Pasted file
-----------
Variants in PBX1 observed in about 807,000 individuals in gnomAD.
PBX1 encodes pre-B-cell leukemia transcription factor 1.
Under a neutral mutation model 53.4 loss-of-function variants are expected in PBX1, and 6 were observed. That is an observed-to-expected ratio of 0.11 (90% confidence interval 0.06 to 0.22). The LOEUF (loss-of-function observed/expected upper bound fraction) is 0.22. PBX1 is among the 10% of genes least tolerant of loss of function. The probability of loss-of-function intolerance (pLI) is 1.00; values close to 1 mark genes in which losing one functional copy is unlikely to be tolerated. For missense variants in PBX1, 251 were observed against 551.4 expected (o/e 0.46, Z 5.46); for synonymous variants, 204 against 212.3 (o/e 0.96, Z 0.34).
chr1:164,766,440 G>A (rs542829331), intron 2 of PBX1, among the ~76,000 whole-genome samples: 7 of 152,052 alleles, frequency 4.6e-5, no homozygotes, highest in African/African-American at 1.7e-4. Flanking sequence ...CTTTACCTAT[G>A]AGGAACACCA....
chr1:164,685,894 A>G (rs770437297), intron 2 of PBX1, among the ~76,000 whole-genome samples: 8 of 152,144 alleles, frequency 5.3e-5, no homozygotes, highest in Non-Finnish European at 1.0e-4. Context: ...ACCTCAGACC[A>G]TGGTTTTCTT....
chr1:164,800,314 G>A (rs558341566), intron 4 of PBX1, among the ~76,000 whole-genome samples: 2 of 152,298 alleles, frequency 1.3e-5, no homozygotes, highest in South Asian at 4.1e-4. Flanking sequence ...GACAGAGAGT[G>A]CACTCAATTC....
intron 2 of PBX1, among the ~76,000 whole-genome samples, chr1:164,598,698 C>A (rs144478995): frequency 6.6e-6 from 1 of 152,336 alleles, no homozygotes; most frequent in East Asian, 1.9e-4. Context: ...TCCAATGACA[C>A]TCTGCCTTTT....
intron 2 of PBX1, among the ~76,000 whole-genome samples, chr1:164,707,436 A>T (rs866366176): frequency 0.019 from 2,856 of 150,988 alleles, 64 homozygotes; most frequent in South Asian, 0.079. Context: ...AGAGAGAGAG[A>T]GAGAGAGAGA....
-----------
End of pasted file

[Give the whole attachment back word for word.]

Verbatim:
Variants in PBX1 observed in about 807,000 individuals in gnomAD.
PBX1 encodes pre-B-cell leukemia transcription factor 1.
Under a neutral mutation model 53.4 loss-of-function variants are expected in PBX1, and 6 were observed. That is an observed-to-expected ratio of 0.11 (90% confidence interval 0.06 to 0.22). The LOEUF (loss-of-function observed/expected upper bound fraction) is 0.22. PBX1 is among the 10% of genes least tolerant of loss of function. The probability of loss-of-function intolerance (pLI) is 1.00; values close to 1 mark genes in which losing one functional copy is unlikely to be tolerated. For missense variants in PBX1, 251 were observed against 551.4 expected (o/e 0.46, Z 5.46); for synonymous variants, 204 against 212.3 (o/e 0.96, Z 0.34).
chr1:164,766,440 G>A (rs542829331), intron 2 of PBX1, among the ~76,000 whole-genome samples: 7 of 152,052 alleles, frequency 4.6e-5, no homozygotes, highest in African/African-American at 1.7e-4. Flanking sequence ...CTTTACCTAT[G>A]AGGAACACCA....
chr1:164,685,894 A>G (rs770437297), intron 2 of PBX1, among the ~76,000 whole-genome samples: 8 of 152,144 alleles, frequency 5.3e-5, no homozygotes, highest in Non-Finnish European at 1.0e-4. Context: ...ACCTCAGACC[A>G]TGGTTTTCTT....
chr1:164,800,314 G>A (rs558341566), intron 4 of PBX1, among the ~76,000 whole-genome samples: 2 of 152,298 alleles, frequency 1.3e-5, no homozygotes, highest in South Asian at 4.1e-4. Flanking sequence ...GACAGAGAGT[G>A]CACTCAATTC....
intron 2 of PBX1, among the ~76,000 whole-genome samples, chr1:164,598,698 C>A (rs144478995): frequency 6.6e-6 from 1 of 152,336 alleles, no homozygotes; most frequent in East Asian, 1.9e-4. Context: ...TCCAATGACA[C>A]TCTGCCTTTT....
intron 2 of PBX1, among the ~76,000 whole-genome samples, chr1:164,707,436 A>T (rs866366176): frequency 0.019 from 2,856 of 150,988 alleles, 64 homozygotes; most frequent in South Asian, 0.079. Context: ...AGAGAGAGAG[A>T]GAGAGAGAGA....